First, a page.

A Look Back
Chatbots. Personal assistants. Robo-advisors. Machine learning. Cognitive computing. And so much more. While the term artificial intelligence (AI) has been around for 60 years, it has finally become part of our daily lives—and how we bank, invest, and get insured. Some financial institutions have been investing in AI for years. Other firms are now beginning to catch up thanks to advances in big data, open-source software, cloud computing, and faster processing speeds.
Is it AI or is it not? AI means different things to different people. Here, we focus on what some call “weak AI”—machines capable of performing specific tasks that normally require human intelligence such as visual perception, speech recognition, decision-making, and language translation.
Something ventured, something gained. AI startups have raised more than US$2 billion in venture capital funding this year. This is clearly seen as one of the more promising technologies, with a bright future.
Not on the same page or algorithm. Each sector applies AI differently. For example, insurance leaders use AI in claims processing to streamline process flows and fight fraud. Banks use chatbots to improve customer experience. In asset and wealth management, AI adoption has been sporadic, but robo-advisors are rapidly changing that.
Going behind the scenes. Some firms use AI to model scenarios for capital planning, or use natural language processing and graph processing techniques to flag transactions for compliance reviews. These uses are lower profile, but they’ll have a big impact as they move toward mainstream.
Why aren’t more firms relying on machines? Two thirds of US financial services respondents said they’re limited by operations, regulations, budgets or resources limitations, according to our 2016 Global Data and Analytics Survey: Big Decisions™.
The road ahead
The machines won’t take over–yet. AI will gradually replace humans in some functions like personal assistants, digital labor, and machine learning. But challenges will persist because of bias, privacy, trust, lack of trained staff, and regulatory concerns. Augmented intelligence, in which machines assist humans, could be the near-term answer.
So much insight. With advances in big data, open-source software, cloud computing, and processing speeds, more firms will use cognitive computing and machine learning to perform advanced analysis of patterns or trends. For example, firms may use AI to help spot nonstandard behavior patterns when auditing financial transactions. Firms may also use AI to sift through and analyze thousands of pages of tax changes.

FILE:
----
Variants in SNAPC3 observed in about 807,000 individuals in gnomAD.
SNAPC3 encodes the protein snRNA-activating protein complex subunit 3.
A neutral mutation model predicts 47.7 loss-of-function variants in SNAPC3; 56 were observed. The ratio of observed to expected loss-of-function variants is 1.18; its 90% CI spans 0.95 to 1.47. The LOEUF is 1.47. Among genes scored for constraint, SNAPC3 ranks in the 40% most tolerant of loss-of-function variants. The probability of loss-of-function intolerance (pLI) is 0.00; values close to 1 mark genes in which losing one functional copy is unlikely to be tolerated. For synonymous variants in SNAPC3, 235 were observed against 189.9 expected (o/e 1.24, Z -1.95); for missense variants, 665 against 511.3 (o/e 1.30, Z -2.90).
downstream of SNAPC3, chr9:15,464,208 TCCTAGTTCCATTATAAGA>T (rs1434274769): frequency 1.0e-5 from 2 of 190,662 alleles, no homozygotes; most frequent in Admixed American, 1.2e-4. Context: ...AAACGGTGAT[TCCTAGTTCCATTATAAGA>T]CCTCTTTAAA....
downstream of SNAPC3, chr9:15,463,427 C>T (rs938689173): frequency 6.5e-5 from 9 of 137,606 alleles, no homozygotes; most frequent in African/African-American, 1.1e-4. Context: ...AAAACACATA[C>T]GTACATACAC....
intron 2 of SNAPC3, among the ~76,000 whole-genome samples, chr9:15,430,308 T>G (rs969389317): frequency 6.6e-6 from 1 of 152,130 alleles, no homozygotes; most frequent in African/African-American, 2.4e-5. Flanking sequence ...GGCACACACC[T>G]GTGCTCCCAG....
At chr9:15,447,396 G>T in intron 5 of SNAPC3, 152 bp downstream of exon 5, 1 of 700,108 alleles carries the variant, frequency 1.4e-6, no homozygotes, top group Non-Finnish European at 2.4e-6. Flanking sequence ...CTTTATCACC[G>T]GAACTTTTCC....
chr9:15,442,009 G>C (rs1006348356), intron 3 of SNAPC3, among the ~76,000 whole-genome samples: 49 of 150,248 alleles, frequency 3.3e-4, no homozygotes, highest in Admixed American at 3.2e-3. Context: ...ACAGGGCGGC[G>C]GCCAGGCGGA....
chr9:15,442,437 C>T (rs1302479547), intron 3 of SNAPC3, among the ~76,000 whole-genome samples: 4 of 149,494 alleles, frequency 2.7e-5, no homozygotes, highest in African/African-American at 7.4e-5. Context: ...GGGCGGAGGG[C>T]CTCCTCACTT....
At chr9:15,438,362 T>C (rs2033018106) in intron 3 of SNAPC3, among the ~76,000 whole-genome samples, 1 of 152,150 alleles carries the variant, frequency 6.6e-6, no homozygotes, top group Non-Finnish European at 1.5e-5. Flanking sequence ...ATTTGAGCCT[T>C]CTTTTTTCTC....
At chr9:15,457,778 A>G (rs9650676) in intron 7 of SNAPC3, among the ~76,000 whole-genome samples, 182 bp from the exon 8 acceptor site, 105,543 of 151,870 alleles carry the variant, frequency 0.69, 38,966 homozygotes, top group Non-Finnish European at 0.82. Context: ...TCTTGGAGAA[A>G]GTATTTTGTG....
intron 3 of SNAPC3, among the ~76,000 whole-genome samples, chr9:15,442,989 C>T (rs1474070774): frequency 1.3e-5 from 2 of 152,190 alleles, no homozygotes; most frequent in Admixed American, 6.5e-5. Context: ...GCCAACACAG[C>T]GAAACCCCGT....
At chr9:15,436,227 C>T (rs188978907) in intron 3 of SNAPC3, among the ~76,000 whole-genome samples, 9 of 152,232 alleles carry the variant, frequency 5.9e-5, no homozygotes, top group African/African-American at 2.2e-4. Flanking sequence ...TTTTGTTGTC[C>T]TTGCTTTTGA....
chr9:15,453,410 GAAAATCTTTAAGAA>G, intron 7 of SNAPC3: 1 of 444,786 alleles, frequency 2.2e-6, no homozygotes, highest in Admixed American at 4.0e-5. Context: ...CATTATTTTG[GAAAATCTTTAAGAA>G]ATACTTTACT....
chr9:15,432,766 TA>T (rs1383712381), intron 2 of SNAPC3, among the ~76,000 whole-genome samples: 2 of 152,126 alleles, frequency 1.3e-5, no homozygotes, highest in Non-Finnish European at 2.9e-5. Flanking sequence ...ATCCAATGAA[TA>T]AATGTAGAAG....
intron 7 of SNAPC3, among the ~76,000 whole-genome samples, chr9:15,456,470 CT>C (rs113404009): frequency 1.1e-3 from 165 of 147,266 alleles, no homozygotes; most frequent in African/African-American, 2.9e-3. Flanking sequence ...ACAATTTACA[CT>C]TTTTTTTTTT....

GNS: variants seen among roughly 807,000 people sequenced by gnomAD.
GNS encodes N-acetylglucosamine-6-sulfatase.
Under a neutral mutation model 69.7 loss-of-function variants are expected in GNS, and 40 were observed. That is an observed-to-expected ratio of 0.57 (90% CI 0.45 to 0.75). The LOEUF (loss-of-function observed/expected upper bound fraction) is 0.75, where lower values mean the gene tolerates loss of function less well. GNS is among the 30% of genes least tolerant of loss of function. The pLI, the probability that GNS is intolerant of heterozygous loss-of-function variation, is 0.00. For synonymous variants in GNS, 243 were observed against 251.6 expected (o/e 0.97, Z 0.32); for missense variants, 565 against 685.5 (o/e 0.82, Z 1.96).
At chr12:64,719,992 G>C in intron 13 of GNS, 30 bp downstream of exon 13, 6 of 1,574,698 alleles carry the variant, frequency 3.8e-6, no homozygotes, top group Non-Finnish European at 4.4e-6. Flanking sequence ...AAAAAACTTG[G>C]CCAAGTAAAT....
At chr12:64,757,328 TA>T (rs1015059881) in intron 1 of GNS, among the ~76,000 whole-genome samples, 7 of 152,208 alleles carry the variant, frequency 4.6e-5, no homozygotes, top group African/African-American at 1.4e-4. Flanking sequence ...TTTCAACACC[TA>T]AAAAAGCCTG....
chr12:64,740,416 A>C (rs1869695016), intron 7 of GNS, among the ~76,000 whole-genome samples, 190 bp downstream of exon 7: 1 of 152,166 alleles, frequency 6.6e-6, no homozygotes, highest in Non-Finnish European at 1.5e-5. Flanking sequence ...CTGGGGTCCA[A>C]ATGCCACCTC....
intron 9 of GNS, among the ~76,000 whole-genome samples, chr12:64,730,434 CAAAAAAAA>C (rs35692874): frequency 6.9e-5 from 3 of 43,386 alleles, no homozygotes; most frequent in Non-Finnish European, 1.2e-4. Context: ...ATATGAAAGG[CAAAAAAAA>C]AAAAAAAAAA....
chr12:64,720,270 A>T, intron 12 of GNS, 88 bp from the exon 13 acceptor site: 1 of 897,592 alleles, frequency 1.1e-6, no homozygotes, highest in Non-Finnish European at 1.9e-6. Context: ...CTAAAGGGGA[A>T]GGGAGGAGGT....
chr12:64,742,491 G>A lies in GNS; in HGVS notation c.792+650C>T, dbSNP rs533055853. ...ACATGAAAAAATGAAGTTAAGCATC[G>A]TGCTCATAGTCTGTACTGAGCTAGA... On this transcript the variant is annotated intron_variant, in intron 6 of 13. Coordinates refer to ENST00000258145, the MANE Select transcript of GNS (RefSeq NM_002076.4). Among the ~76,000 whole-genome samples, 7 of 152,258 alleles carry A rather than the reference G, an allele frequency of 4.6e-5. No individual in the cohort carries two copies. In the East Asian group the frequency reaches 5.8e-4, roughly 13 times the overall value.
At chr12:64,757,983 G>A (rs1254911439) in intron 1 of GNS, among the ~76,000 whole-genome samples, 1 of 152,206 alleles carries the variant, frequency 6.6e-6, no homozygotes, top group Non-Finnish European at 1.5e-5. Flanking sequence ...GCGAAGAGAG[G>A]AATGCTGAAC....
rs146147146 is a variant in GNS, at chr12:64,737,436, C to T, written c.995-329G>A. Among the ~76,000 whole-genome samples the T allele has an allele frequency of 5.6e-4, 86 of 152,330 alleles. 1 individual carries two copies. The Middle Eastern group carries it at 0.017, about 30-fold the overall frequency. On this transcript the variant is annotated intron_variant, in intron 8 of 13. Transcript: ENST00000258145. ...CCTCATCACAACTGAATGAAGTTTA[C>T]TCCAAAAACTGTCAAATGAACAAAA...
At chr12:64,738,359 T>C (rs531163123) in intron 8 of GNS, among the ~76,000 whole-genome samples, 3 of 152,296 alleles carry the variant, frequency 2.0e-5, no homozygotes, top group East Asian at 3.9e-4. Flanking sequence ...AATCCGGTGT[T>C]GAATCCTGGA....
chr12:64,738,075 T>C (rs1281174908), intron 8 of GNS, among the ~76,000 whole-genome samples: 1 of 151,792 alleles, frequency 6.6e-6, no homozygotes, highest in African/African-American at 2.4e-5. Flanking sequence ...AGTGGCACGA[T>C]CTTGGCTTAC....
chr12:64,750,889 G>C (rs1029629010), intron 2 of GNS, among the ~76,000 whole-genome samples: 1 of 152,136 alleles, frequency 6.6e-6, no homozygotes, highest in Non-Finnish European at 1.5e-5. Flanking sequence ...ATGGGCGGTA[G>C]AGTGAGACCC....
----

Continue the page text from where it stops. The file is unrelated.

Make way for more robo-advisors. With the new DOL fiduciary rule, we could see an uptick in robo-advice due to pricing pressures on commissions. Robo-advice is also morphing to bionic advice by combining digital and human delivery of advice.
Cognification? Digital twins? What? We’ll evolve more from digitization and automation to what many now call cognification. We expect to see firms use AI more often with processes that rely on machines to make very specific decisions. We’ll also see companies modeling how customers might react to various scenarios, testing assumptions on users’ digital twins.
What to consider
Where to start? We recommend that you pick two different types of problems as you explore AI technology solutions:
Some should be operational so that you show productivity improvements. Review and select the various AI technologies that can solve these problems. Others should be more exploratory in nature. For example, if you’re asking whether you can “get better customer satisfaction and retention by analyzing the audio data from call centers,” you might not have a specific metric in mind. However, applying AI to this problem may yield insight that other techniques can’t.
Make AI an extension of your data analytics team. Mature organizations might choose to set up a new chief AI officer role. But if your firm is in the early stages of adoption, view AI as an extension of current analytics capabilities instead.
Find the right balance between human and machine. There’s a balance between servicing costs and the need for good customer service. You should design off-ramps, swapping customers over to live support if an AI customer interaction or other transaction should falter.